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Thread: G run tab

  1. #1
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    Default G run tab

    I can't seem to get the run quite right by ear. Can someone point me to a tab for it?
    Tanks!

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    jbmando RIP HK Jim Broyles's Avatar
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    Default Re: G run tab

    You mean the famous guitar G run used by Lester Flatt and Jimmy Martin? Do you want the same run tabbed for mandolin? Try singing or scatting it over and over until you have it firmly imprinted on your brain, then pick up your instrument and sound it out. It's one of the most basic licks there is.
    "I thought I knew a lot about music. Then you start digging and the deeper you go, the more there is."~John Mellencamp

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    Default Re: G run tab

    Yes that's the one. I seem to have the notes but still am having trouble making it right. I guess I'll just keep at it. Your right of course, it's basic but it's my bug-a-boo for some reason.

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    Mike Parks woodwizard's Avatar
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    Default Re: G run tab

    Try This for fun

    (G) Run & (G) run a little higher up the neck

    E ____________________ E ___________________________
    A ____________________ A ________ 5 7 5 ___(10)_______
    D ________0 2 0__5_____ D 5__7 8 9 ___________________
    G 0__2 3 4_____________ G ___________________________
    I Pick, Therefore I Grin!

    1918 Gibson A4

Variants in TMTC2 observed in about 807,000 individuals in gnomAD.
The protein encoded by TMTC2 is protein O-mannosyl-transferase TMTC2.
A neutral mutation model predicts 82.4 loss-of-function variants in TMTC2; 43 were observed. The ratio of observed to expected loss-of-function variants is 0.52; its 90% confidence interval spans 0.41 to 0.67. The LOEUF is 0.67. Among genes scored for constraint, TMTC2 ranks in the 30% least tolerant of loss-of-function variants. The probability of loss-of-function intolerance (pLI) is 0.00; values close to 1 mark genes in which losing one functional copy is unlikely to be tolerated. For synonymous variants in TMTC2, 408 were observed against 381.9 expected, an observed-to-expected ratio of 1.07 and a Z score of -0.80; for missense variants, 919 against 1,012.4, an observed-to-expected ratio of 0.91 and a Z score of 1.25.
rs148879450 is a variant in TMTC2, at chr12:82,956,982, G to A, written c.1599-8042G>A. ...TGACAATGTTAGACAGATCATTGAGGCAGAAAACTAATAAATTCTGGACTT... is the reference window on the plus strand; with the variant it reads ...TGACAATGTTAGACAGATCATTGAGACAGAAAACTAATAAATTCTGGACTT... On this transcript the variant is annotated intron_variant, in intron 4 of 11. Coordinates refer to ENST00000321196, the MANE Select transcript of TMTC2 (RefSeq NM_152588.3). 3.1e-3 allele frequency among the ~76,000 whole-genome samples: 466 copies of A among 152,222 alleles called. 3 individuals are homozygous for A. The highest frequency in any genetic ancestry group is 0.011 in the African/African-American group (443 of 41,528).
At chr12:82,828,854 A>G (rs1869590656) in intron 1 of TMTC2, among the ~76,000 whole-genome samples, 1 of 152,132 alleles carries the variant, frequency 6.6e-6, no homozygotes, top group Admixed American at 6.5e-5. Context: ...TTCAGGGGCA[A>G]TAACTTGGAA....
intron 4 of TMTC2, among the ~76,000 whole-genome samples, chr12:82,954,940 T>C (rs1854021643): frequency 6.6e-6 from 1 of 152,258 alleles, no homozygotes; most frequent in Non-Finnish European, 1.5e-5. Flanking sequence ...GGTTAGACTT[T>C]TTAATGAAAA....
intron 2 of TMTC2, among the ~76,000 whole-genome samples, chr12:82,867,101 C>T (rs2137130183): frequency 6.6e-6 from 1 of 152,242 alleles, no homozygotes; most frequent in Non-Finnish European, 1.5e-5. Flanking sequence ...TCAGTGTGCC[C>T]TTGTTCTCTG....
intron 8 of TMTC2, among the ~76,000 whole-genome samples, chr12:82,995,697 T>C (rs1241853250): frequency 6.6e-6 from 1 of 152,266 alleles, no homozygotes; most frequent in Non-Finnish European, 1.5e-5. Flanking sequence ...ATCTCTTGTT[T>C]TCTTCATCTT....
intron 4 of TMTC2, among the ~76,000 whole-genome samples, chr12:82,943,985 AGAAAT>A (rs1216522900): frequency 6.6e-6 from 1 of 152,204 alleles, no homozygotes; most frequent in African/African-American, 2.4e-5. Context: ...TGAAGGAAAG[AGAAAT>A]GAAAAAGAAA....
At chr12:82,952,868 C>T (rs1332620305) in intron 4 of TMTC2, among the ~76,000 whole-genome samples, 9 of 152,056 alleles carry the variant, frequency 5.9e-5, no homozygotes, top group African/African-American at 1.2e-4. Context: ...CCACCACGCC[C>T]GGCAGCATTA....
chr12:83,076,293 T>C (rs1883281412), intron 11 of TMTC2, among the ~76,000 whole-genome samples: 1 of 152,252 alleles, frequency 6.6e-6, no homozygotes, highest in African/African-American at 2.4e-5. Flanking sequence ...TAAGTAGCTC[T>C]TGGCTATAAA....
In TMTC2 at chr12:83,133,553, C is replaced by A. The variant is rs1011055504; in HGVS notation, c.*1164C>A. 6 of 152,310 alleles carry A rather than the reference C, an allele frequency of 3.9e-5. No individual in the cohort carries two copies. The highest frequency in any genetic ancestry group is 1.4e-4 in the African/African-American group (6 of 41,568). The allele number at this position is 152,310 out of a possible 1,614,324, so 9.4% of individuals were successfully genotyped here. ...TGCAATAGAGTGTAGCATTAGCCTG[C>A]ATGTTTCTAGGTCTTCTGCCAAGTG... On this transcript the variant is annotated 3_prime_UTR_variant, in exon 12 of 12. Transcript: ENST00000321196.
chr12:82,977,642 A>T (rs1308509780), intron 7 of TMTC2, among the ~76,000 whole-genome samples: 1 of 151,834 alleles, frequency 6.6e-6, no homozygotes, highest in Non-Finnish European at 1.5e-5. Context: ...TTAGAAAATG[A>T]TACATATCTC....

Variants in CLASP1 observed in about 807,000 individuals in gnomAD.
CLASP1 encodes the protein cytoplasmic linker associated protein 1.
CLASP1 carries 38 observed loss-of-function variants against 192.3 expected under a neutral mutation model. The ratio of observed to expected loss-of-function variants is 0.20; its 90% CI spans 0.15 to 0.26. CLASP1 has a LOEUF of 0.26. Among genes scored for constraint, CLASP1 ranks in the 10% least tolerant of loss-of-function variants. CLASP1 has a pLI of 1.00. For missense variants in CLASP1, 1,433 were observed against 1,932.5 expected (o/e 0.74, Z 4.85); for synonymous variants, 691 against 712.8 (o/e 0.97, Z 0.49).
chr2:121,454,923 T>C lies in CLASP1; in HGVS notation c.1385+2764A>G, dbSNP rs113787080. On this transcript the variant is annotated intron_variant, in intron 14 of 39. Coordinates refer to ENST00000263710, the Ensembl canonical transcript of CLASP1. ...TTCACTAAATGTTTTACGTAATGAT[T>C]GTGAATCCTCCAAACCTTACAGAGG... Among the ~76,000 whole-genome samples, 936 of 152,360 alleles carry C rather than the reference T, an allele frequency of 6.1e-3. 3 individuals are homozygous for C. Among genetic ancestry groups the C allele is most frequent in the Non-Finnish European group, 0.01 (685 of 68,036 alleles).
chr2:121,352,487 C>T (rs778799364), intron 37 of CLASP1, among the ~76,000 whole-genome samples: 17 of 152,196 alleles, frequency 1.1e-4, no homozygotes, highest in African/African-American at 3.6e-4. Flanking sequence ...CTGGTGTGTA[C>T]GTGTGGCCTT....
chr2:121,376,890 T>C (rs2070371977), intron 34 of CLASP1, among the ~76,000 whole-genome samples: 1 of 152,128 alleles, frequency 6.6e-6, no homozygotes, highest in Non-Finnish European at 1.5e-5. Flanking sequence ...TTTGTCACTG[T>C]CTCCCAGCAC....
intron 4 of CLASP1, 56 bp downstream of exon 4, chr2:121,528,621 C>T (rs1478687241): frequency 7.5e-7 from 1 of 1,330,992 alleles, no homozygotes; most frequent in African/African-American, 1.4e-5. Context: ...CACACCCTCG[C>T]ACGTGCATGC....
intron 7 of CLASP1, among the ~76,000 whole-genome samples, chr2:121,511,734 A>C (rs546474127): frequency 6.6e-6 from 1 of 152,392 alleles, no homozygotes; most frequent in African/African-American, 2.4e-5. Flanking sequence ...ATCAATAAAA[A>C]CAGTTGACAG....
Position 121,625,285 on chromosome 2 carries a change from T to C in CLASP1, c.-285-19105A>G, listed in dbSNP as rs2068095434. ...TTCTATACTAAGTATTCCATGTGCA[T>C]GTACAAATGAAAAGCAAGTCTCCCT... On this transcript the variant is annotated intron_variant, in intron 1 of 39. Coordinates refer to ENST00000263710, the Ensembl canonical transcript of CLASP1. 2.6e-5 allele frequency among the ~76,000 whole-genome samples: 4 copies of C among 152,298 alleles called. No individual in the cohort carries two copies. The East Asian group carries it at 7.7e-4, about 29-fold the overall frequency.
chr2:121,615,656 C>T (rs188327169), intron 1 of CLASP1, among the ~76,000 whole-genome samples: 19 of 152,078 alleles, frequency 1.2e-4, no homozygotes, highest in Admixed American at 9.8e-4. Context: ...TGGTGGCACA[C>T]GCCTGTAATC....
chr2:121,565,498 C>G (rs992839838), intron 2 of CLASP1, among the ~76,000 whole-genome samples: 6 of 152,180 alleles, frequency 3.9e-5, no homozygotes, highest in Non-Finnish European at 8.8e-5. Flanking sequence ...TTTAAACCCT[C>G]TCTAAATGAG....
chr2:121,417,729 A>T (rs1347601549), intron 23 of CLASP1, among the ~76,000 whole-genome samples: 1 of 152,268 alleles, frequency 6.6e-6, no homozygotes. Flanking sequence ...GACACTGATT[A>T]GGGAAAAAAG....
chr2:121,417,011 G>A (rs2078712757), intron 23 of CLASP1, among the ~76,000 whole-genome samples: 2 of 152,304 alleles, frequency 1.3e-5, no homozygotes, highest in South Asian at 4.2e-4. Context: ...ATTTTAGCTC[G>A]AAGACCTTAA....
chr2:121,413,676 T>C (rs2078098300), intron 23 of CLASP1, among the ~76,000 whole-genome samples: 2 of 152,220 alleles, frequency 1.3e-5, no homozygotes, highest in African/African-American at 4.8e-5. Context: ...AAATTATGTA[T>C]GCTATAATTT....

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    Registered User swampstomper's Avatar
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    Default Re: G run tab

    Quote Originally Posted by Canister View Post
    I seem to have the notes but still am having trouble making it right.
    You're not the only one. Not every bluegrass guitarist can nail it. Lester and Jimmy had different versions, Del has his own take on it. The notes are one thing, the timing, attack, slides are another. Some guitarists play it with rest-strokes (when going from string to the next highest string, don't use D/U but just keep the D/D after a brief rest), others D/U. Some pick every note, some use slides or hammer-ons. Lester (following Charlie Monroe) used a thumb pick.

    In short, fool around till you get the sound you like.

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    jbmando RIP HK Jim Broyles's Avatar
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    Default Re: G run tab

    In "Earl's Breakdown", Lester's "G Run" consists of only the two notes E-G during the D-tuner parts. Del often uses F-G for the last two notes. The G run in "Uncle Pen " doesn't start on a G. Many variations.
    "I thought I knew a lot about music. Then you start digging and the deeper you go, the more there is."~John Mellencamp

    "Theory only seems like rocket science when you don't know it. Once you understand it, it's more like plumbing!"~John McGann

    "IT'S T-R-E-M-O-L-O, dangit!!"~Me

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    Default Re: G run tab

    Thanks guys! I think your right. It's my timing. I'll keep listening and working on it.
    Woodwizard that's interesting.

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    Default Re: G run tab

    Quote Originally Posted by Jim Broyles View Post